Introduction to Philosophy
20101 04 (30864)
Schmitt
12:30-1:45 TR

Philosophy engages a capacity we all have to wonder—about ourselves, the world, and our place in the world. This course enables you to systematically examine these topics, reflecting on your own views as well as the relationships between your views and alternative views espoused by great thinkers throughout history. We explore questions falling under five main headings:

(1) Epistemology: What is knowledge? What justifies us in believing what we do?
(2) Metaphysics: What are we like as human beings? Are we free? Are we morally responsible? Are we primarily thinkers or doers?
(3) Philosophy of Religion: Does God exist? If God exists, why is there evil in the world? Should we practice a religion?
(4) Ethics: How should we live? Are there objective moral truths? What does morality require?
(5) Existentialism: Is death bad? What makes our lives meaningful?


Introduction to Philosophy
20101 05 (30865)
Schmitt
2:00-3:15 TR

Philosophy engages a capacity we all have to wonder—about ourselves, the world, and our place in the world. This course enables you to systematically examine these topics, reflecting on your own views as well as the relationships between your views and alternative views espoused by great thinkers throughout history. We explore questions falling under five main headings:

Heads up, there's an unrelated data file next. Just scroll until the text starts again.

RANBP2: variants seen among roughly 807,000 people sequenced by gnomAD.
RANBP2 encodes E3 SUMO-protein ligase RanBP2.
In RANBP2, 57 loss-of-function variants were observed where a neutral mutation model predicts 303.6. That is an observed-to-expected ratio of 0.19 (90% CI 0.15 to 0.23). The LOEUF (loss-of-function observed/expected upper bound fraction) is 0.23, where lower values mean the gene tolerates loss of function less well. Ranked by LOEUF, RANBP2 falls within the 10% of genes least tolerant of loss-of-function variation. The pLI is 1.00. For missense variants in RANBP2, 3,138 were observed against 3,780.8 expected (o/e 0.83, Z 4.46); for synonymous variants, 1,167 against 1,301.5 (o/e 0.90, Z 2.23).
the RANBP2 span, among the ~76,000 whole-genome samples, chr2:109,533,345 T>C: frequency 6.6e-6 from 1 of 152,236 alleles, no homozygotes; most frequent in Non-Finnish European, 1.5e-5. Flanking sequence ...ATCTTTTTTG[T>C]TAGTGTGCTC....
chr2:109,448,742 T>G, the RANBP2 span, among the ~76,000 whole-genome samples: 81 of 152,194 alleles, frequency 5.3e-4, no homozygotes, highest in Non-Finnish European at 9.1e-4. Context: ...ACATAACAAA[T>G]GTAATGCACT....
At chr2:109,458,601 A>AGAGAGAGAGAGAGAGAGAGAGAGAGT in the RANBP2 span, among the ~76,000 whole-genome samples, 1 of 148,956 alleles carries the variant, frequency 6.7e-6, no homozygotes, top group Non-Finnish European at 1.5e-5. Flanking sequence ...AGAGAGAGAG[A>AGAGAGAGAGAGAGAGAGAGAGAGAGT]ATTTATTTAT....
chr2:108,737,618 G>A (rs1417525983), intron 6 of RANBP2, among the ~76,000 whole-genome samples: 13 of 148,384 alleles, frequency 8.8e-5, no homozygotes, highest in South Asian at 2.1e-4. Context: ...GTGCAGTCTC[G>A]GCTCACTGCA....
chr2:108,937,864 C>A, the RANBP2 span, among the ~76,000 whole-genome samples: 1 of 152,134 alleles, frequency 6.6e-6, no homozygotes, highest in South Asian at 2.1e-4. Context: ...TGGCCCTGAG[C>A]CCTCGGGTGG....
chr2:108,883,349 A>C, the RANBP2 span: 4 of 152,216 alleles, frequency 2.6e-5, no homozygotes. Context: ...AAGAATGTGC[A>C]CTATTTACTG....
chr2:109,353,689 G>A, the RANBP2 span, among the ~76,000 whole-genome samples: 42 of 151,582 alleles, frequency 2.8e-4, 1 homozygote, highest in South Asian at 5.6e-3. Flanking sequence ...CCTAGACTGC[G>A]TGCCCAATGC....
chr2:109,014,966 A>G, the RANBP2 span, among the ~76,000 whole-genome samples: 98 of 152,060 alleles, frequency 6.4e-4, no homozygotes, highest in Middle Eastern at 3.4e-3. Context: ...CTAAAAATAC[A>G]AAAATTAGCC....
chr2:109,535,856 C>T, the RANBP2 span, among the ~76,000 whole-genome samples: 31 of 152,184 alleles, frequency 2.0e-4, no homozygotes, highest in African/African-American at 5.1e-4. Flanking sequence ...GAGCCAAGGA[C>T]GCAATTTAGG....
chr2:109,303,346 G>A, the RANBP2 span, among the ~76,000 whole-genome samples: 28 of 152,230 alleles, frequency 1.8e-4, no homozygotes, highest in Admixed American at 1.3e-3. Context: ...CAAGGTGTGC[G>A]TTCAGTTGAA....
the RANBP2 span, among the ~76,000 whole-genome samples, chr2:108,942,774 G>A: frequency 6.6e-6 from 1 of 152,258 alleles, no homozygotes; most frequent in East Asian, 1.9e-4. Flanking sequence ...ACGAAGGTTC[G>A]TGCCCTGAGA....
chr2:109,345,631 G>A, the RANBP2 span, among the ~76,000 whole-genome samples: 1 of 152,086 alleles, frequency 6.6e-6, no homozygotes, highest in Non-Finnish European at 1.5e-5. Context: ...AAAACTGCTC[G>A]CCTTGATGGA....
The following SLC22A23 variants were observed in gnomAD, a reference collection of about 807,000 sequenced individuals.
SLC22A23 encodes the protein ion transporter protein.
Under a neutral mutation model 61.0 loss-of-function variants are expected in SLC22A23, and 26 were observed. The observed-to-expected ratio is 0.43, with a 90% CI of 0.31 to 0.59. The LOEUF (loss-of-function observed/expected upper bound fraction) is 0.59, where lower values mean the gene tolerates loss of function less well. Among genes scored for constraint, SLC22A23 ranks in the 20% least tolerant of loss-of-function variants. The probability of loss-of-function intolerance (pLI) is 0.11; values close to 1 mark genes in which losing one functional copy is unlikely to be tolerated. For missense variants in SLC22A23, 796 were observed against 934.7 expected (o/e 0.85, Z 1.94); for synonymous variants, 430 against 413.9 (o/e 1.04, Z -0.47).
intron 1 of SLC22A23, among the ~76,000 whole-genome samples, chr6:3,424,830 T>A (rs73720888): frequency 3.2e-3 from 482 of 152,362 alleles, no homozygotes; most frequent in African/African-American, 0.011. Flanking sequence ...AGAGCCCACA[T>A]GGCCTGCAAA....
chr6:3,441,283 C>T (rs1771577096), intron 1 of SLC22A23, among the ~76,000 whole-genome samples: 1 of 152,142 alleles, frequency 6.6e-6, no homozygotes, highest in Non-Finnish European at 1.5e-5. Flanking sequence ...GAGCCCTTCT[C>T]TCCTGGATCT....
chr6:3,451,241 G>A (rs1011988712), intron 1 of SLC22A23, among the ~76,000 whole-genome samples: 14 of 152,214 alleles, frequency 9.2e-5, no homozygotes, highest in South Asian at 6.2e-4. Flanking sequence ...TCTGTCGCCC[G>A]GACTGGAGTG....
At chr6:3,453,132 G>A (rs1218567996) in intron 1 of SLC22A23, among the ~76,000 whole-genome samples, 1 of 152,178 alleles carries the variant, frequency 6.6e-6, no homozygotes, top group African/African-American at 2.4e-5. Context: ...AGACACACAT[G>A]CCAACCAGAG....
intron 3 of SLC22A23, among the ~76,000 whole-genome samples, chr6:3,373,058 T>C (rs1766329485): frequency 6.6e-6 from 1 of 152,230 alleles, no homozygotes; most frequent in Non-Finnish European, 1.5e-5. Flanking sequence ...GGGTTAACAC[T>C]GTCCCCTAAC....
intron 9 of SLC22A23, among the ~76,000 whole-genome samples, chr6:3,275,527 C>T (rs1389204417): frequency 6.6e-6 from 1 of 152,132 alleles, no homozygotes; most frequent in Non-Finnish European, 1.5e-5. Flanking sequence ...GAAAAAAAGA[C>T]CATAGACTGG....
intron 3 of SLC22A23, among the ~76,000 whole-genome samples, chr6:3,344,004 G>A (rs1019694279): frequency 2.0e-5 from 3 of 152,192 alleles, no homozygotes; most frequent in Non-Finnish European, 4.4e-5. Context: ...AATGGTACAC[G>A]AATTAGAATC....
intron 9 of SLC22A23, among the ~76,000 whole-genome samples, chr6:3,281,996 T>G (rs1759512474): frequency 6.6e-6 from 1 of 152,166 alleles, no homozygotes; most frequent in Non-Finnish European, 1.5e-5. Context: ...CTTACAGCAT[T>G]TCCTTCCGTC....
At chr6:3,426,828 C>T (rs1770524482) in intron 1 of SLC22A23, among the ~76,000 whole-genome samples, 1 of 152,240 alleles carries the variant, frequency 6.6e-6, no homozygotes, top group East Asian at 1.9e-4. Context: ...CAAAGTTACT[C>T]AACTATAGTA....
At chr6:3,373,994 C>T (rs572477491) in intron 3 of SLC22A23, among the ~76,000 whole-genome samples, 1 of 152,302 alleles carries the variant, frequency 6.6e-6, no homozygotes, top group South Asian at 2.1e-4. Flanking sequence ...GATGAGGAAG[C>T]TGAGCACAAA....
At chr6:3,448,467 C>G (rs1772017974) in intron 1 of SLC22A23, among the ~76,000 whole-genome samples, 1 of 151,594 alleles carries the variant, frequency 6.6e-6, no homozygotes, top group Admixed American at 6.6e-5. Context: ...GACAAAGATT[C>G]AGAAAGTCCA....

(1) Epistemology: What is knowledge? What justifies us in believing what we do?
(2) Metaphysics: What are we like as human beings? Are we free? Are we morally responsible? Are we primarily thinkers or doers?
(3) Philosophy of Religion: Does God exist? If God exists, why is there evil in the world? Should we practice a religion?
(4) Ethics: How should we live? Are there objective moral truths? What does morality require?
(5) Existentialism: Is death bad? What makes our lives meaningful?


Introduction to Philosophy
20101 06 (30866)
Snapper
2:00-3:15 MW

This course introduces students to some philosophical questions and helps them become more skilled at formulating and understanding arguments. Each class will be a mixture of lecture and discussion. We will discuss arguments, morality, God, religion and science, race, climate change, abortion, personhood, knowledge, and freedom.